FROM THE DREAMWALL: I dreamed I smashed all the dishes, all the jars. I stood at the factory fire and threw handfuls of corn into it, from the blackness outside it. By the time it’s a story there will be no one to tell it. Mild eyes will make no distinction. Trees and the remnants of houses will grow up through the streets. It’s too late not to think about it. Once the trail roared through with its long golden mane in the dew-soaked morning. War never came here, but change came to thicken the water, to the spheres of flesh inside, tiny possibilities. Who dreams they give birth to the town’s tree-heavy future? Write your dream underneath mine.
FROM THE DREAMWALL: Sometimes I don’t think laws are so bad.
While in the United States recently, I was able to pick up a copy of Kate Schapira’s TOWN (Queens NY: Factory School, 2010). It’s only the second title of hers I’ve read so far (and I think the first I’ve seen from Factory School), after The Soft Place (Horse Less Press, 2012) [see my review of such here], not including her two chapbooks produced through above/ground press. As she writes at the back of the collection, the original materials for TOWN were solicited, compiled and re-worked, and she includes her original solicitation, which includes: “What I’d like you to do is tell me one thing about this town’s past or present. You don’t have to think about it too hard. Just type it in and send it to me. May I suggest that you do it sooner rather than later, for busyness and memory reasons.” Her “About Town” post-script continues:
As information about the town came in from friends, relations and acquaintances (some of whom are working writers, others not), some of it started to contradict itself (some pieces contradicted others), and since I’d decided that everything people told me about the town was true, I had to revisit my ideas about consensus: how do contradictions mutually and simultaneously exist and what gravity do they exert on one another, without one erasing or swallowing the other?
Composed as a suite of fragments, prose-poems and lyric descriptions, Schapira explores the variety of ways a town can be described, allowing the directions provided to her through solicitation to provide an expansive town portrait, one that becomes richer and deeper through those contradictions she mentions (as every town, just as every person, contains at least one contradiction). From the other trade work I’ve seen of hers—The Soft Place—Schapira appears to be interested in the extended suite, whether the sequence of such for that later collection, or the book-length quilt of poems that accumulates into her TOWN. It makes me curious as to where else her work is capable of heading.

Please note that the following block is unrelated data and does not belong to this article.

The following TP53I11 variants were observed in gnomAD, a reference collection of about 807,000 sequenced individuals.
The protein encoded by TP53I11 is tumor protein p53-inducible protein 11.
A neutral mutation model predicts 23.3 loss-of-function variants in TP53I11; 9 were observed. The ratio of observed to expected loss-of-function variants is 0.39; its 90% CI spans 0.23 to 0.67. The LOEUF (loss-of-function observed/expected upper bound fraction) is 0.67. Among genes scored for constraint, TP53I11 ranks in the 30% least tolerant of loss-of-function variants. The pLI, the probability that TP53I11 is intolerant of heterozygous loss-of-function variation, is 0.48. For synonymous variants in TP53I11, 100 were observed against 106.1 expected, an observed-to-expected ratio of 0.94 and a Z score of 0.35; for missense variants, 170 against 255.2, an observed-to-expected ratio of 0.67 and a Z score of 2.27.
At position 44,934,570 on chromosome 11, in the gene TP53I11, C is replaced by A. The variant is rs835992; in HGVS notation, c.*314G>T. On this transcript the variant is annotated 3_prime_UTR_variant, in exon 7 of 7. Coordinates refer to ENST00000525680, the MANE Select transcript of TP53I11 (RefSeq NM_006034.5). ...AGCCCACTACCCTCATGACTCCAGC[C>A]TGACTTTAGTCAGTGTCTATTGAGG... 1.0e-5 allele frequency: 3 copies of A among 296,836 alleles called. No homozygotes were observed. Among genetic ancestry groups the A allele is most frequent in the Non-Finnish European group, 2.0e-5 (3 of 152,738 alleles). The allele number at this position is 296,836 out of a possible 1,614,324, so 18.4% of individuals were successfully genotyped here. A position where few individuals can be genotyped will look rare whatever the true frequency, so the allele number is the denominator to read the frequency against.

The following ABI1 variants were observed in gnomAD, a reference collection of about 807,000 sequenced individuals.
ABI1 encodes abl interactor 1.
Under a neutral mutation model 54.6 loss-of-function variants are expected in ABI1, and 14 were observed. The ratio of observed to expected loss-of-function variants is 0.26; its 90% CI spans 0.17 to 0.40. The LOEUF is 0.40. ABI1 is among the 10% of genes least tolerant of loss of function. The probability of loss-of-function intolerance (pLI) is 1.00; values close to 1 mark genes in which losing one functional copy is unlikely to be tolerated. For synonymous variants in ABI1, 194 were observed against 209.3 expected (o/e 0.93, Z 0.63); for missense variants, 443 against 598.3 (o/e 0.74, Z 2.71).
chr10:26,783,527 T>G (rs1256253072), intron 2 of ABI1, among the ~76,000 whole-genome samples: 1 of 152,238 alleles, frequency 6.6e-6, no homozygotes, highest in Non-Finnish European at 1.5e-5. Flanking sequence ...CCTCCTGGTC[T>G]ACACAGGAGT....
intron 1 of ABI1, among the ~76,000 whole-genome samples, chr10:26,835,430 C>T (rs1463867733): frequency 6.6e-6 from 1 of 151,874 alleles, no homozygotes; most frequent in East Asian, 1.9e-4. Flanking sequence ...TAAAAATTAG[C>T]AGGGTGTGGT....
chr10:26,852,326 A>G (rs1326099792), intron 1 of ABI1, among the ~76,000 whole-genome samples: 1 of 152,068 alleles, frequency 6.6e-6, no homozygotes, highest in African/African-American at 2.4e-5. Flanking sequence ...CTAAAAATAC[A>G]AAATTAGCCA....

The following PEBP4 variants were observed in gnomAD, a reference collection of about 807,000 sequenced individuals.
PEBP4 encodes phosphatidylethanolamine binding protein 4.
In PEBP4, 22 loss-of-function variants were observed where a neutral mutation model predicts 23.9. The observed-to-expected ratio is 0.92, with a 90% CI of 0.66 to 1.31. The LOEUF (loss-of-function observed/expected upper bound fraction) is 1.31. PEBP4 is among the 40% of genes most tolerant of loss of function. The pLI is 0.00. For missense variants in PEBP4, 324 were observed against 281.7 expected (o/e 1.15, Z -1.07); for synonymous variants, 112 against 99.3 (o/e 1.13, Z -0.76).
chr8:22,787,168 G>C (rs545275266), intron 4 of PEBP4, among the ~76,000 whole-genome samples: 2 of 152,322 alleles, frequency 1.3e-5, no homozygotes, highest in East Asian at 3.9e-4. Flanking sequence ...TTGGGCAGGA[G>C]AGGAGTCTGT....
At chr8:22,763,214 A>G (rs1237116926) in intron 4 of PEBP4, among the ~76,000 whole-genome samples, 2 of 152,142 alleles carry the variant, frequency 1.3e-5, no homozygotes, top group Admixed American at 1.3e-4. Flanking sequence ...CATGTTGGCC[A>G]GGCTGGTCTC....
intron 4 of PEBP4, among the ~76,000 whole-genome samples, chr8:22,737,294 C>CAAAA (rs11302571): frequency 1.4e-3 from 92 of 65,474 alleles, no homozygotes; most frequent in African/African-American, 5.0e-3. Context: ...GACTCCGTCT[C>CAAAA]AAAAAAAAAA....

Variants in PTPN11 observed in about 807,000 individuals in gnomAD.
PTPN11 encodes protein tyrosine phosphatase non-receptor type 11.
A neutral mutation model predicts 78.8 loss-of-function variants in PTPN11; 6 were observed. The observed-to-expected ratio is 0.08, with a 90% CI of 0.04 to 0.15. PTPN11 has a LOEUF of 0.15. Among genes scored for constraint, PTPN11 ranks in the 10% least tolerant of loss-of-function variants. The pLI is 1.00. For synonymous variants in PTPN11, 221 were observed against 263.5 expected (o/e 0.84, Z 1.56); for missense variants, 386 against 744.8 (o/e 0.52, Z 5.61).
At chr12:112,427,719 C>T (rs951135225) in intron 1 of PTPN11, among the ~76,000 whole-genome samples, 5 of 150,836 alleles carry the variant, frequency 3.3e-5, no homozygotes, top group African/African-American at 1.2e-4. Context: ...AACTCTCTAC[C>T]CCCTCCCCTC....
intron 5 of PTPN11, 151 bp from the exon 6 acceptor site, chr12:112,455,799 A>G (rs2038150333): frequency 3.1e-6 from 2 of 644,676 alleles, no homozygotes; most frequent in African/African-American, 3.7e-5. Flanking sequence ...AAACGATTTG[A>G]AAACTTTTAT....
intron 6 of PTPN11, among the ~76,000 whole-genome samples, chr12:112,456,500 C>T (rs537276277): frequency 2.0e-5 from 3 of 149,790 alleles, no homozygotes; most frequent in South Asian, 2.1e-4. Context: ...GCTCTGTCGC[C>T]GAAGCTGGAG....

Another element of the book I can’t help but enjoy: the cover artwork by James McShane includes a collage of maps, and a fragment on the left of the front cover not only includes a section of a map of Ottawa, but a swath that runs along the 417/174 Highways, from Heron Road all the way north to the Ottawa River, which means I can see where my lovely wife works (the corner of Innes/St. Laurent), not an eight minute drive from here.
CUSTOM / LAW
A family moved into a house on a quiet street. Once they were unpacked they evoked all their neighbor’s doors to invite them over for a watermelon margarita block party. The night of the house only two old women came. As the second entered and was greeted by the couple she shook hands with the other. Both women were widowed. Their houses sat next to each other and each had lived in her own since just after a young marriage. On this night they were introduced.
Hospitality holds its breath as the mixture delivers. Both have grown old and human. To say, “We’re both old,” that age happens not to the other but both, to be part of both in town, to remember the houses they moved from dwindling in memory, becoming matchstick, streets spreading and tiring easily, evening melting in cautious red sips. They were about the changes of which other neighbors were a part, sitting as they’d been taught, two women spreading and diffusing to reenter matter, like soaked gauze, quietly into the fiber of town as streetlights marked out the web of veins filled with isotopes moving weakly.
The couple whose house it was told everyone how sweet it was from the outside, quick coming to tongue, loosening flavor. The sunset looked like a lake of watermelon margaritas.